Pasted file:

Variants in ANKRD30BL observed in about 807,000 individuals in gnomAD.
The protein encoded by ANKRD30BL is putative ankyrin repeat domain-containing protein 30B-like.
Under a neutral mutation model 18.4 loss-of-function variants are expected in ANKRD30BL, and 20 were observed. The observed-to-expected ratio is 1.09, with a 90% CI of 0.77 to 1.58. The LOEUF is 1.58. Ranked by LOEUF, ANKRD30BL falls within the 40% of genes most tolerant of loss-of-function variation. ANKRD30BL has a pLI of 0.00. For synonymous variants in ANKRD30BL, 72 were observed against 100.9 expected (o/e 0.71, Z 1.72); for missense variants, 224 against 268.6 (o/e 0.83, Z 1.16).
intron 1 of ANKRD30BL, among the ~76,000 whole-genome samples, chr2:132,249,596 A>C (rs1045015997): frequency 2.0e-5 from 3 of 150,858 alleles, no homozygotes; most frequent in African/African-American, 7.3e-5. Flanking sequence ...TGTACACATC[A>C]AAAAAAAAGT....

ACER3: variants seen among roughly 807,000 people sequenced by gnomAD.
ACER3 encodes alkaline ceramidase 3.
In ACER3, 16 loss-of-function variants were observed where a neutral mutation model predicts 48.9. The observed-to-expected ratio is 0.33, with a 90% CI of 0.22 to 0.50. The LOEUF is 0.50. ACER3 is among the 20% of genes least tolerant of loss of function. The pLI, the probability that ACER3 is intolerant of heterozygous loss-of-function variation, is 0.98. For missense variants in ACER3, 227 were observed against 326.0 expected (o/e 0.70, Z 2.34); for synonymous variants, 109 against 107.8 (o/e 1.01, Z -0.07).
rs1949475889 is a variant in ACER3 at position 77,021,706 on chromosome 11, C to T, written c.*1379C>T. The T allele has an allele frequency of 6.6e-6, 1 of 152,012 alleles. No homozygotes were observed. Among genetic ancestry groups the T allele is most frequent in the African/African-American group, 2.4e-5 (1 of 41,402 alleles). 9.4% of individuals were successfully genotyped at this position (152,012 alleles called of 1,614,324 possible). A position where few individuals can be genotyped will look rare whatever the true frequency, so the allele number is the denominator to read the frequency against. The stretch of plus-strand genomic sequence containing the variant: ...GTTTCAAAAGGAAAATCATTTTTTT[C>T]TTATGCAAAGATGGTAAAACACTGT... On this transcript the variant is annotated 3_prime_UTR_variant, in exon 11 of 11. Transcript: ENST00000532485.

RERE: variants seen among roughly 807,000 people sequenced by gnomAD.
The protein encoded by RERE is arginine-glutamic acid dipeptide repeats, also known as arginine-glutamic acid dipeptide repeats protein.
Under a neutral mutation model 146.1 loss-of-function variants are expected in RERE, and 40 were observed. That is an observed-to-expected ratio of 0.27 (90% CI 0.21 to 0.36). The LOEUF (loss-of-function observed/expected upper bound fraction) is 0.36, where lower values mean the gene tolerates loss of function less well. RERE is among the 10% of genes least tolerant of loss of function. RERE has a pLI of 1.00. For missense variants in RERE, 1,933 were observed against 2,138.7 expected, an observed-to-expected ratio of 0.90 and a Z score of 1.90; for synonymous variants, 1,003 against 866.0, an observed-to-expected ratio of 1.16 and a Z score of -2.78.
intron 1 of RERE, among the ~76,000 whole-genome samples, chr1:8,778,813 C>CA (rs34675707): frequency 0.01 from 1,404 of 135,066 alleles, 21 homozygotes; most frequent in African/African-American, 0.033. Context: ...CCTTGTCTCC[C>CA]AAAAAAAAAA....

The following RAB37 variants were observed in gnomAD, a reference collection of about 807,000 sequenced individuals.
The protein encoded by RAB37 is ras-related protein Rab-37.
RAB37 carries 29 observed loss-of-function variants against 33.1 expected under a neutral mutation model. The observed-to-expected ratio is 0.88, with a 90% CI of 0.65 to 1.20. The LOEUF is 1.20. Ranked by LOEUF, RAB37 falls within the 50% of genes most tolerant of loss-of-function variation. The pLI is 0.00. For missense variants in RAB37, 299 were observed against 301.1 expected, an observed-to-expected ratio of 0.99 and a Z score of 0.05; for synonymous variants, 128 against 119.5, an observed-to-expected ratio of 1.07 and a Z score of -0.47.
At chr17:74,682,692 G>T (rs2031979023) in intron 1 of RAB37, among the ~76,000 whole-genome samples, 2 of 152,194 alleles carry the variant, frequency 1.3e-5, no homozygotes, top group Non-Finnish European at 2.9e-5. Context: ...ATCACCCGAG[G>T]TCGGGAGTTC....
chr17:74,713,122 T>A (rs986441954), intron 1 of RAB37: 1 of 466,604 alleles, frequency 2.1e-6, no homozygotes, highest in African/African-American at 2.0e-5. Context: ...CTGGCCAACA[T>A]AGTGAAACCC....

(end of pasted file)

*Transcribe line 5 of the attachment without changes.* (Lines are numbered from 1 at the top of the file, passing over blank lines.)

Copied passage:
ACER3: variants seen among roughly 807,000 people sequenced by gnomAD.